Me and my fellows here have become addicted to giving service. I love doing so because sometimes I feel that the less actives we visit see us as walking nags with neckties, but service shows that we really do love and care about them. I've seen service cut through hearts of steel like butter, haha. My favorite service this week was when our Elder's quorum president took us up his mountain, pointed at a grove of mango trees he has there which has been overrun by Tarzan quality jungle and basically said, "I want everything that is not a mango tree gone." After which we attacked the mass with our machetes :P fun stuff.
There have also been tri-zone conferences and the occasional homeless man breaking into our apartment to get bread and water which has happened twice or thrice in the last few months or so :P fun stuff for sure. My machete is usually within reach of my bed, haha.
The Work: Update on some of the fold here.
Please pray for the Kubo sisters. We're on the verge of dropping them as investigators because they've lost the motivation to make or keep any commitments.
The Machete family is doing so good! We'll be extending them a baptismal date this Wednesday, and we taught their oldest son for the first time on Sunday, and I daresay he might be golden. Please pray that the Spirit will soften their hearts at our next appointment.
I love everyone back home, but I'm going to thoroughly enjoy my time here before I get back :)
Elder Mikesell III
Sunday, August 9, 2015
WE BOUGHT OUR OWN PERSONAL MACHETES, LOTS OF SERVICE PROJECTS AND "THAT'S NOT THE LANGUAGE THEY TAUGHT ME IN THE MTC!"
the Itak family: We found this family buying our own machetes for service projects that we encounter very frequently. The father is straight Ilokano (which is the regional dialect here and is very different than the national dialect which I learned in the MTC, which is Tagalog. Kind of like an Elder Calhoun moment, "That's not the language they taught me in the MTC!") Because of the language barriers, we had a very interesting bout of lessons initially... until we found out that his sister is an active member in the ward! We didn't know initially because his sister is married and thus has a different last name, which is the name we know her by. We recruited this sister, and she also needs some prayers. She herself is faithful and is only a convert of about a year, but her children and husband who were baptized at the same time as her are pretty steep into less activity. We're visiting her family as well, but that's a completely different battle. I'll call this sister, Sister Abo. The Itak family is interested but it's a struggle getting an appointment with them. The culture of the Philippines is very different than back home. Very few people here have a western concept of "an appointment" down. The Philippines culture about meetings and schedules is called "chamba chamba" which basically means "you can come over any time you want. If I'm here, I'm here, if I'm not, I'm not." It's very hard to get people to commit to a specific time or day, and sometimes they aren't even there when they do so.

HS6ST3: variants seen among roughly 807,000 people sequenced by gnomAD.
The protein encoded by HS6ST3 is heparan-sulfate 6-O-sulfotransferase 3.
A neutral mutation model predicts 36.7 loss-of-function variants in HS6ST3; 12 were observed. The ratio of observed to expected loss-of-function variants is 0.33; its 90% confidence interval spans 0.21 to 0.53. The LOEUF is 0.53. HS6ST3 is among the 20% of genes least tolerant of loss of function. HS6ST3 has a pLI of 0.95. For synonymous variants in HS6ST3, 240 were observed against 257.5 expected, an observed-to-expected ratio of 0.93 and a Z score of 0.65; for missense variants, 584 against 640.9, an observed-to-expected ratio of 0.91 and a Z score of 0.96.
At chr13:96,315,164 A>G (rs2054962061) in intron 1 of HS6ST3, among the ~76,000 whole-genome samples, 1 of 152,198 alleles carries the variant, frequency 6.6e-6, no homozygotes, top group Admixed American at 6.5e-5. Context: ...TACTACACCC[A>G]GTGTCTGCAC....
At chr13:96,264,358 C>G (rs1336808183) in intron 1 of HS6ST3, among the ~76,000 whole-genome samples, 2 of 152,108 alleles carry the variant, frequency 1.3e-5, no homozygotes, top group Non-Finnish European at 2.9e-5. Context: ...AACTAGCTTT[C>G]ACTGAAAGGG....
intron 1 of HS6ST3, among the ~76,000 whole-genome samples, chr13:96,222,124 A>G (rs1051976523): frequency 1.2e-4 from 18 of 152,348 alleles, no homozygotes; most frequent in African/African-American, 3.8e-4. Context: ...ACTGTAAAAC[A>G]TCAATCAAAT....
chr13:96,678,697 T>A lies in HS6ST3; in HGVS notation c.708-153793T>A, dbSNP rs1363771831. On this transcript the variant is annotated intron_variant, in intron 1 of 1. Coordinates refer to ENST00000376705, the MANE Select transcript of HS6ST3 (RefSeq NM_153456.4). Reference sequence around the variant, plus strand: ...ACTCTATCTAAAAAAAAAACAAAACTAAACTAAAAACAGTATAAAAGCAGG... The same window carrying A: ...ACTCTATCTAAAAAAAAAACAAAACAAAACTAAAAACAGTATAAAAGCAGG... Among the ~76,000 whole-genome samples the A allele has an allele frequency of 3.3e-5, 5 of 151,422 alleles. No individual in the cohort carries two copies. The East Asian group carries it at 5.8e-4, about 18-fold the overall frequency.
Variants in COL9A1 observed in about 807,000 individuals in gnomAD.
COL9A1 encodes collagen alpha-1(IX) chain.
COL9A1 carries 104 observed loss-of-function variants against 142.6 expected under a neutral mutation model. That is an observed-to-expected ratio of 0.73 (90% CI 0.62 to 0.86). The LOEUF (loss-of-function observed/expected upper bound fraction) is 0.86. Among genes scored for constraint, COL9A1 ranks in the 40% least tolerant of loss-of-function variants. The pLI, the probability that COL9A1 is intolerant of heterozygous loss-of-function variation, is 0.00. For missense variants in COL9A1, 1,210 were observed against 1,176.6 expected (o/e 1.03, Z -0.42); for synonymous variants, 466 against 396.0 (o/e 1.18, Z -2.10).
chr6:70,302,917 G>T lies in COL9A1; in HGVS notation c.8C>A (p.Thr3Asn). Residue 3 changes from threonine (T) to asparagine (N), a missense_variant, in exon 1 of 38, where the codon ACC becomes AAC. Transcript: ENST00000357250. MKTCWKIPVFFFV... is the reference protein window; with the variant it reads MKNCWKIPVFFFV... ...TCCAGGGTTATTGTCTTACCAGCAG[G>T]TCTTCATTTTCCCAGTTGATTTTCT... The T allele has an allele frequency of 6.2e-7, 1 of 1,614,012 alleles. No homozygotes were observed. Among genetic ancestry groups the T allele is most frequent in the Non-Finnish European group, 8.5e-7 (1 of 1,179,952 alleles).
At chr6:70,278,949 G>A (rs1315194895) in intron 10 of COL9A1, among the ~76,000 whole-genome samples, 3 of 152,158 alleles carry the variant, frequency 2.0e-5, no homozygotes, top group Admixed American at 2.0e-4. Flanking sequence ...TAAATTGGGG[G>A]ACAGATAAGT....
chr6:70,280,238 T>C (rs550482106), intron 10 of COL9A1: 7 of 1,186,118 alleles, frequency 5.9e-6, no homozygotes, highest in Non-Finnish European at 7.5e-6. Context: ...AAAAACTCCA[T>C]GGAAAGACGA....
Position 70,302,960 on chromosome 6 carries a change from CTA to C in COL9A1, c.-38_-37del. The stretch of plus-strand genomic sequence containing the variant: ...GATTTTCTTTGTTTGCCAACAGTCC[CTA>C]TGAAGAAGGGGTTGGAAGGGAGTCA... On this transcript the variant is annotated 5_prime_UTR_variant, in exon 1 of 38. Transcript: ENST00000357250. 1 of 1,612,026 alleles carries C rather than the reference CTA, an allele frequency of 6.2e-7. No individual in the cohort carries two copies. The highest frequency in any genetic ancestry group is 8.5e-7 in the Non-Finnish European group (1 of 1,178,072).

The other group is the Kubo sisters. They need some prayers in the way that they need more desire.
I love you all back home. Keep emailing me!
Elder Mikesell III